Samuel Badree


As Ricky Skerritt begins a second two-year term as Cricket West Indies president, his biggest challenges will be developing the game and making sure talent is unearthed and nurtured in the hostile environment created by the Covid-19 pandemic.

The Covid-19 pandemic forced cricket in the West Indies to be halted in March last year, with the West Indies Championship—the region’s premier first-class competition—abandoned with two rounds of matches to be played.

Domestic cricket followed suit and the only regional tournament since has been a shortened Super50 Cup in Antigua in February. The first-class competition is unlikely to take place in 2021, while all regional youth tournaments—Under-15, Under-17 and Under-19--are also still on hold.

While the full impact of the pandemic on the development of the game in the region is yet to be seen, Trinidad and Tobago Cricket Board president Azim Bassarath and international cricket commentator Samuel Badree both highlighted the importance of the continued development of the game in the Covid-19 environment.

Asked what he felt the CWI president should focus on over the next 24 months, Badree said: “For me, it has always been the first-class cricket and the development at the territorial levels and governance across the territorial bodies.

“I want to see a strengthening of governance structures and also a strengthening of the first-class tournaments and more emphasis on the so-to-speak ‘fringe players’ so when they reach that international level, they are well equipped. So there needs to be more focus on the grass-roots level and territorial level and the governance across the region,” the former West Indies leg-spinner added.

He also noted that the biggest obstacle Skerritt and company will face will be Covid-19 and the reduction in the amount of cricket being played across all levels in the region.

“The first-class season may be called off and players have not played since March last year when it was called off, so how we manage that and how we still get our players being involved at a high level so that when international tours come around, they can a great challenge not only for CWI but for all boards,” Badree explained.

“Also one of the biggest things for me is getting our coaches up-skilled and getting them to a higher level because things we have been talking about 10-15 years ago in terms of technical deficiencies, we are still talking about that today, especially from a spin bowling point of view.

“When you look at the region, we haven’t had a quality spinner of note, of international repute in some years. We need to get our coaches up-skilled and up to date with modern technologies and all that sort of thing,” he added.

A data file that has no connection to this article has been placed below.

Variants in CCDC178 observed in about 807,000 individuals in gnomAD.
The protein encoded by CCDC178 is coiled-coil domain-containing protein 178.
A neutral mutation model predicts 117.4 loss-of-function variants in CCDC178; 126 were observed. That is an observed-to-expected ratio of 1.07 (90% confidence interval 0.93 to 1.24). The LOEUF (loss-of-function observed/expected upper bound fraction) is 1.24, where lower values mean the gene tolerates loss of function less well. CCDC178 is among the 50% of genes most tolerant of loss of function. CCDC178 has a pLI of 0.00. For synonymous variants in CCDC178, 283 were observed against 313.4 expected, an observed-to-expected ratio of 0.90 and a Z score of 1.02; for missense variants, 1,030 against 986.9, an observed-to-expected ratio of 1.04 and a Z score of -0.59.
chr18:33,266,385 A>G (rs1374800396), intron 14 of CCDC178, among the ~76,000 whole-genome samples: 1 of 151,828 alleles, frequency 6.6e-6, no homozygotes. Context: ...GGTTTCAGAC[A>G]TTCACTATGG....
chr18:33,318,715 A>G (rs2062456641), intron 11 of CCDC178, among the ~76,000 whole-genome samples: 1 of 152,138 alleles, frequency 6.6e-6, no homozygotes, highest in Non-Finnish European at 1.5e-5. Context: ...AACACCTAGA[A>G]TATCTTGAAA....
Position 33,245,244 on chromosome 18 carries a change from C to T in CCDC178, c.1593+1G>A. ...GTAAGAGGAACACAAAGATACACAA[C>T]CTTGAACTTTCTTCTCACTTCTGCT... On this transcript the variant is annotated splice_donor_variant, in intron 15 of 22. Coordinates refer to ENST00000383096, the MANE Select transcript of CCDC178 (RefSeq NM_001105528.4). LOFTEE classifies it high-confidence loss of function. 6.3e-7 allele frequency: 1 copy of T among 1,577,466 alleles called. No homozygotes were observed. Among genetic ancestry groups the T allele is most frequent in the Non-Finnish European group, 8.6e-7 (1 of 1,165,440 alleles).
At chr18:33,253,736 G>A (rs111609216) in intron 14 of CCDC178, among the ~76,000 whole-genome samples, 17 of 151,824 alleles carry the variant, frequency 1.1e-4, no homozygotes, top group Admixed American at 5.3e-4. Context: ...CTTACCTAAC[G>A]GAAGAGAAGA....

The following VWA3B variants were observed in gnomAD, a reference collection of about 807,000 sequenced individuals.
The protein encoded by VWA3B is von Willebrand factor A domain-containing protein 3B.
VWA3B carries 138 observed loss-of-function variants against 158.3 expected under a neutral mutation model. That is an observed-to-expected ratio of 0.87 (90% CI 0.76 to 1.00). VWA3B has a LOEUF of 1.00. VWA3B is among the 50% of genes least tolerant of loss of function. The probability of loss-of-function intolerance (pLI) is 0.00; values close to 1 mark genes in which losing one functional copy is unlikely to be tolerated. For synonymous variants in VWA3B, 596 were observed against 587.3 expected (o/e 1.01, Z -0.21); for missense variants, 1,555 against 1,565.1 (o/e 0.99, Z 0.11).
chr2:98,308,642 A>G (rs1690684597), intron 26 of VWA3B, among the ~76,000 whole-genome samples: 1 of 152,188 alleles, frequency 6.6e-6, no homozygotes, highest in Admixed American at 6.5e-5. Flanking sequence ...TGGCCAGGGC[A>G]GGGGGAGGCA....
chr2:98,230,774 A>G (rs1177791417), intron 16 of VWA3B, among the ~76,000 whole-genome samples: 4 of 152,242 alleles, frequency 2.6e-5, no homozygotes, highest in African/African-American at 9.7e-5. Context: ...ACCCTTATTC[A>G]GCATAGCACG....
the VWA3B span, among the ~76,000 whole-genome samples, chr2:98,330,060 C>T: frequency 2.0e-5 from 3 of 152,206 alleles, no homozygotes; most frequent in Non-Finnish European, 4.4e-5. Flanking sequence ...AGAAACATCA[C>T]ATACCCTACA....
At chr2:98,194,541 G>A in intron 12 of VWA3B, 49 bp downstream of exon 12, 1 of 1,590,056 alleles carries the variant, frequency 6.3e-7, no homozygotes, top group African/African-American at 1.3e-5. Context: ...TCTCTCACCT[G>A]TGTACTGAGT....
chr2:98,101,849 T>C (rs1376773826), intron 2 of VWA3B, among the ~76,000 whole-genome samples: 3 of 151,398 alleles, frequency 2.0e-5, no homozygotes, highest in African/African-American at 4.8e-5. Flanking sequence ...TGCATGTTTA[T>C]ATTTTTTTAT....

Meanwhile, Bassarath also agreed that “the most important thing is the product and that is cricket.”

“I think they are going to focus on the development of the game and to further enhance the sport in the region. Mr Skerritt has spoken a lot about the development of the game and spending money at the grass-roots level and that is important in the Caribbean to take the game forward,” the TTCB boss explained.

“We are not as lucky as the BCCI or Cricket Australia or the English cricket board to have funding readily available. We are struggling with funding in the Caribbean and I think if the funding is available, we will continue to produce the top-class cricketers that we are accustomed to,” Bassarath continued.

“We have a number of West Indians in the IPL and they have all come out of our development programmes and I think we must continue those programmes. I think it is...important for cricket to be developed in the Caribbean and that is something I look forward to with the proposal that Mr Skerritt has to uplift the cricket in the region,” he added.

Bassarath said Skerritt and vice-president Dr Kishore Shallow were the best candidates to lead CWI and noted that because of the pandemic, they didn’t get a fair opportunity to implement what they would have wanted but the plans they were able to implement have started to bear fruit.

“We have seen some improved performances in both the white-ball team and the red-ball team and we think, having looked at the record of the West Indies team over the past two years and within recent times, we have seen big improvements. I think it was the right decision to support both of them to continue in office,” said Bassarath.

“I think the biggest accomplishment is the improvement in the performances of the team. What has happened is that the players have expressed so much confidence in the management of the team that the players are more comfortable now. We have seen that. We have seen that there is a much closer relationship with the administrators and the players and I think that plays an important role in uplifting the team and having the team perform so much better, hence the reason why they should continue,” he added.


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